Israel's Likud Party, which won a plurality in last Tuesday's election, today offered a compromise whereby a Likud-led government would agree not to annex or change the status of the occupied territories on the West Bank of the Jordon River without first seeking a fresh mandate in new elections.
The offer was to Yigael Yadin and his Democratic Movement for Change in an effort to bridge the differences between the two parties in the hope of forming a broad coalition, according to Zalman Shoval, a member of the Likud executive.
Shoval said, Likud also told the Democratic Movement that, although the law allows any Israeli government to impose Israeli law on the occupied territories, a Likud government would not do so as long as there were peace negotiations with the Arabs and not in any case without the specific authority of (Parliament).
Likud's platform states that the occupied West Bank should remain under Israeli sovereignty. The Democratic Movement opposes annexation and would barter parts of the West Bank for peace.
The compromise, which Shoval described as a "Clarifi- cation of the Likud's position, would allow both parties to stick to their principles because a coalition government would promise to "go to the people" before making any changes on the West Bank.
The suggested compromise was made with the full authorization of Likud's leader Menachem Begin, who according to Shoval, is anxious to "change the climate" of dismay and hostility that his election victory and some of his remarks about the West Bank have created here and abroad.
Begin's statement that the West Bank is rightfully Israeli territory was widely seen as threatening the U.S. hope for real progress toward a negotiated Middle East settlement by the end of 1977.
Shoval, who is a candidate for foreign minister in the new government, said in an interview today that Likud should not be judged solely on Begin's recent remarks made in the first emotional flush of victory.
"There are two Begins," he said, one a thoughtful and practical realist and the other a public speaker who can respond to his audience like an actor. Begin, might believe that the West Bank rightfully belongs to Israel, he added, but so did the late David Ben-Gurion, who was willing to forego parts of the land on which Israel makes a historical claim in deference to political realities.
Nothing that Likud had agreed to negotiate with the Arabs without pre-conditions, Shoval said:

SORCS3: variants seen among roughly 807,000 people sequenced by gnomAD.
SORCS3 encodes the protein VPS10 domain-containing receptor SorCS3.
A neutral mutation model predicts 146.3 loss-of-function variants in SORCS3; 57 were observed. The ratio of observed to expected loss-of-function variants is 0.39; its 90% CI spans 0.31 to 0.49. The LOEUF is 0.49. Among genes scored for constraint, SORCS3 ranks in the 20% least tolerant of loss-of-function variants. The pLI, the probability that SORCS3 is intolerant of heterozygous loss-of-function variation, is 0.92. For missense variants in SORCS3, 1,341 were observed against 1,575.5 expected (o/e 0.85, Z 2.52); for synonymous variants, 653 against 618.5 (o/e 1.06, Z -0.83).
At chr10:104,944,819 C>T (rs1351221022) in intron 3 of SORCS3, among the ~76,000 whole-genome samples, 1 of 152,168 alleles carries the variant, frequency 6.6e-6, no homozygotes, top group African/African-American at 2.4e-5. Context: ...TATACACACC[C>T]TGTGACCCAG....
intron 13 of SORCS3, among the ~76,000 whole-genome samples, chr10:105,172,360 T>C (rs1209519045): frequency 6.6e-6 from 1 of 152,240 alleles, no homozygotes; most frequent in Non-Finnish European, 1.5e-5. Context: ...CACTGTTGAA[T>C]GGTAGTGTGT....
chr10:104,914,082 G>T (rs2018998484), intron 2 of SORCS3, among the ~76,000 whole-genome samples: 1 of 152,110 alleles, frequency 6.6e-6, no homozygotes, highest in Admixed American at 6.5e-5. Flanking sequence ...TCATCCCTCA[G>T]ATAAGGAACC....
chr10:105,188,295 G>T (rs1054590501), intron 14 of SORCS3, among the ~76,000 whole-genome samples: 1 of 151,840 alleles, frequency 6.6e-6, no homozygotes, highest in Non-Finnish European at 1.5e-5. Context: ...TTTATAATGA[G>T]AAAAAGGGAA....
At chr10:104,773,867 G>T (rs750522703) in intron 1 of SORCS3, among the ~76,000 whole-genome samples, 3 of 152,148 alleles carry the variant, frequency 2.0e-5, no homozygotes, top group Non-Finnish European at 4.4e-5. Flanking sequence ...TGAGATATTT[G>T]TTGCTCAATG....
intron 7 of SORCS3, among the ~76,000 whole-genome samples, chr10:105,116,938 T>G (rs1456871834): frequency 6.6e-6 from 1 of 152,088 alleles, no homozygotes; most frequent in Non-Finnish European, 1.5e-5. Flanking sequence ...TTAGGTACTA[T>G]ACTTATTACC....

"Within the framework of a final, binding peace agreement, any party that has said it is willing to negotiate without prior conditions cannot rule out some, compromises with primary aims."
The difference, he said, would be that if Likud ever had to give up territory on the West Bank it would be giving up something that rightfully belongs to Israel rather than returning something belonging to the Arabs.
Begin, 64, who had a severe heart attack two months ago, was not able to attend the nogotiating session. He was admitted to hospital yesterday suffering from what his doctors describe as overwork and fatigue. His condition today was described as good and his release is expected at the end of the week.
Except for East Jerusalem, previous Israeli governments have not annexed territory captured in the 1967 war and have treated them as occupied or "administrated" territories.
The Democratic Movement believes that Israel's defense line in the east must be the Jordan River and, unlike the Labor government, it is against any interim agreements and would give up West Bank territory only for real peace.
The Democratic Movement, a new party that came in third in last week's election, based its appeal on a program of reforms in government.
Today's negotiating session with the Democratic Movement dealt only with defense and security, and another session is planned for Thursday. Yigael Yadin told reporters that the negotiations were held in "good spirit" but that it was too early to predict the results. Still to be faced is the Movement's demand that new elections be held within two years on the bais of a reformed electoral system.
Wednesday Likud is to begin negotiations with the National Religious Party, with which, according to Shoval, there is an understanding that neither will join in a coalition without the other.